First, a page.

The comic book industry has seen a surge in popularity in recent years, with superhero movies and live-action adaptations becoming increasingly popular. However, despite this success, comic book sales have not increased. In fact, the opposite has occurred. This begs the question: are comics dying out? The answer is no.
Comics (manga, graphic novel, sequential art) will never die. Distribution methods have changed and will continue to change, but that's normal. We need to put all of this into perspective. Just because people watch the movie doesn't mean they're going to buy comics.
That's why the comic book industry has collapsed. It's not complete, but it's coming. Many comic book stores, already known for their narrow profit margins, have been forced to close temporarily due to state and local “stay at home” orders, and it's impossible to predict how many will have the means to reopen when the pandemic finally ends. As political tension increased in North America and Western Europe, many comic book readers grew tired of being told what to think and how to think.
The comic book industry has been creating characters that please some kind of group that fails miserably. Superhero movies are certainly thriving, but those 10- and 11-figure movie franchises are based on comics that used to cost a penny. Despite all the superhero movies out there, the comic book companies themselves aren't even worth a billion. Mangas, obviously, are comics, so it seems strange to say that you're returning to them now when it seems like you've been reading comics all the time. The local comic book store reopened last week and I went there, but only to skip the boxes of back issues. Changes need to be made in order for the comic book industry to remain a worthwhile financial effort.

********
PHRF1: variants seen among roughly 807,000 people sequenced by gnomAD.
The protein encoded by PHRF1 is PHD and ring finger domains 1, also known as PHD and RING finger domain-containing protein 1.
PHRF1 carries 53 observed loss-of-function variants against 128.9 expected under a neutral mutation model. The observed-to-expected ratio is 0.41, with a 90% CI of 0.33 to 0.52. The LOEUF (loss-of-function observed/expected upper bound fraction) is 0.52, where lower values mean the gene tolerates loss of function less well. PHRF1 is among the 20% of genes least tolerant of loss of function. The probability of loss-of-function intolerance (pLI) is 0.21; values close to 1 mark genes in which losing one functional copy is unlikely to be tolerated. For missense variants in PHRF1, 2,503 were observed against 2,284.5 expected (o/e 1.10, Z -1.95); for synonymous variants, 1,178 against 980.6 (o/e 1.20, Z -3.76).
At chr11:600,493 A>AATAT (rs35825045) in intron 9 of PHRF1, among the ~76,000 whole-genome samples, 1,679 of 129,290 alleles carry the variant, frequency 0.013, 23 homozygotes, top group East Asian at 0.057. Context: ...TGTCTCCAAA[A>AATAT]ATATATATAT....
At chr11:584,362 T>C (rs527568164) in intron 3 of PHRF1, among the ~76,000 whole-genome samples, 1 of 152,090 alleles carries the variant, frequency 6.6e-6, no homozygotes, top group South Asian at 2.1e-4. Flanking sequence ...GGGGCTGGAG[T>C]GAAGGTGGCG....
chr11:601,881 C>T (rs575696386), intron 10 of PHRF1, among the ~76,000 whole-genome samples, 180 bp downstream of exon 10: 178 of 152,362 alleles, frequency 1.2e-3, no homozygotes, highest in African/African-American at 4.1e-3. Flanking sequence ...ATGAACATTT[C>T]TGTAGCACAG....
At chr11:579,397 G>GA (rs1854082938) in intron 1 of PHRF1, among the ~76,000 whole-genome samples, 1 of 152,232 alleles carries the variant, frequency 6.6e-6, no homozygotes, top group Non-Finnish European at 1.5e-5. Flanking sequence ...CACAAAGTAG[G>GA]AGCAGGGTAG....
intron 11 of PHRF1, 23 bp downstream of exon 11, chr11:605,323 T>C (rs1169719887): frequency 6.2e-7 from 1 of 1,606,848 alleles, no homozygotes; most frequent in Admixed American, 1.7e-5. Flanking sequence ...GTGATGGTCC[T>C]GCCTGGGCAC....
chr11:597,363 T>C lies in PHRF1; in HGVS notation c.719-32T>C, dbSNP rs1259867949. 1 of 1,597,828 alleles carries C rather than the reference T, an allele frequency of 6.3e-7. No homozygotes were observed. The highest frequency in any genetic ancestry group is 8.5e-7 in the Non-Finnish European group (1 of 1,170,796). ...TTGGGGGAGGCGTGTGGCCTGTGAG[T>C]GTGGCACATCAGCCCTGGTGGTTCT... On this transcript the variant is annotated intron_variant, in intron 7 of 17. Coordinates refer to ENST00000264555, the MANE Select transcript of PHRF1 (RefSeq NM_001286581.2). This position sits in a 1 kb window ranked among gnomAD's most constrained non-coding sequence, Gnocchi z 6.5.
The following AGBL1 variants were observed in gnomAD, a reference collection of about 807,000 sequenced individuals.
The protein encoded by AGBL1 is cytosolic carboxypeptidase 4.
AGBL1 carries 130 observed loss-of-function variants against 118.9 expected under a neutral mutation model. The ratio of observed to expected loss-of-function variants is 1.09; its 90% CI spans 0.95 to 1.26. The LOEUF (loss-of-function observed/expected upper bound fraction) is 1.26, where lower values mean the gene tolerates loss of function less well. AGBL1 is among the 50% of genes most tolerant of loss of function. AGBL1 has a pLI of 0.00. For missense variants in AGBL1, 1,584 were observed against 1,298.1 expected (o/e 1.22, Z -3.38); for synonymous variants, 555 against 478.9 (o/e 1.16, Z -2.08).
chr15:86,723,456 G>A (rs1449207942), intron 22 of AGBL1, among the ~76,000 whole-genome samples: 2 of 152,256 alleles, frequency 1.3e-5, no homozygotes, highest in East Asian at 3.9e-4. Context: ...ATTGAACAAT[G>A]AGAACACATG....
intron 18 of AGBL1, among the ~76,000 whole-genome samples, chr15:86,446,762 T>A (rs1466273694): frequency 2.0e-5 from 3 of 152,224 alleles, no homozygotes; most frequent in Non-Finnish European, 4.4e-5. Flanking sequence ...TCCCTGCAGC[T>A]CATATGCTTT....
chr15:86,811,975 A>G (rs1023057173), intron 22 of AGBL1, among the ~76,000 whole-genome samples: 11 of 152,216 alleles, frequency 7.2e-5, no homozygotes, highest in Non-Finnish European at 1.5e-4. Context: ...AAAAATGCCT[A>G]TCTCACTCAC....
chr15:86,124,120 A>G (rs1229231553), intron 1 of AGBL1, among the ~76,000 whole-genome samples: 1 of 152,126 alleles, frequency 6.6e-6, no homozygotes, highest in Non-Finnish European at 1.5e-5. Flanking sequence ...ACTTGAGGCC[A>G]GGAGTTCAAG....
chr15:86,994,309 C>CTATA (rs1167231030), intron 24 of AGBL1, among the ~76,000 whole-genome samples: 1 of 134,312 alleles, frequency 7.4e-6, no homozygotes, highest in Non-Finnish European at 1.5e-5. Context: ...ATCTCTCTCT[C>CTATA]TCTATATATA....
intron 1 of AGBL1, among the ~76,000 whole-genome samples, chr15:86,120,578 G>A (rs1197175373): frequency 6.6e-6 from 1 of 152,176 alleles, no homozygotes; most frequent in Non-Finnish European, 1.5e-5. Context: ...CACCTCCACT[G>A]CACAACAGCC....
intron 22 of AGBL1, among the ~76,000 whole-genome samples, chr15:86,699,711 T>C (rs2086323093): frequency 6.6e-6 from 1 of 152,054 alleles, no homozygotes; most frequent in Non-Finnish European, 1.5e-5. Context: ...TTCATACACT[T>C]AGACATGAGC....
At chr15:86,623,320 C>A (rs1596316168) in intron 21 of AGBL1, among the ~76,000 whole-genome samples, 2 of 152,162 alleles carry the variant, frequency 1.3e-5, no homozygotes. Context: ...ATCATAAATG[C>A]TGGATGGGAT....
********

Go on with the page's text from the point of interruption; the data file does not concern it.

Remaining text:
If you're looking for something more direct than giant top-of-the-line stocks, an investment platform called Otis Funds has a fund that invests in collectibles such as art, video games, trading cards, sneakers and, you guessed it, comics. The list goes on, but the point is that some comic book store owners make emotional decisions and that hurts their business. However, even though an LGBTQ comic doesn't sell much, the store owner is still under pressure to buy them. Even before they had order sheets with which you could buy specific books, but once I found the comic book store 15 miles away, I never shopped anywhere else. Serialized superhero storytelling used to go beyond the television budget, and now that television (and movies) can tell the same stories, audiences move away from comics. Comic book stores did not have foot traffic and therefore did not earn money and were therefore forced to close. Only one company, Diamond, founded in 1982, distributed almost all the comics from publishers large and small to retail stores across the country in what became known as the “direct market system”.It's clear that comics are not dying out; they are simply changing with the times.
The industry is adapting to new technologies and new ways of distributing content. As long as there is an audience for comics and graphic novels, they will continue to thrive.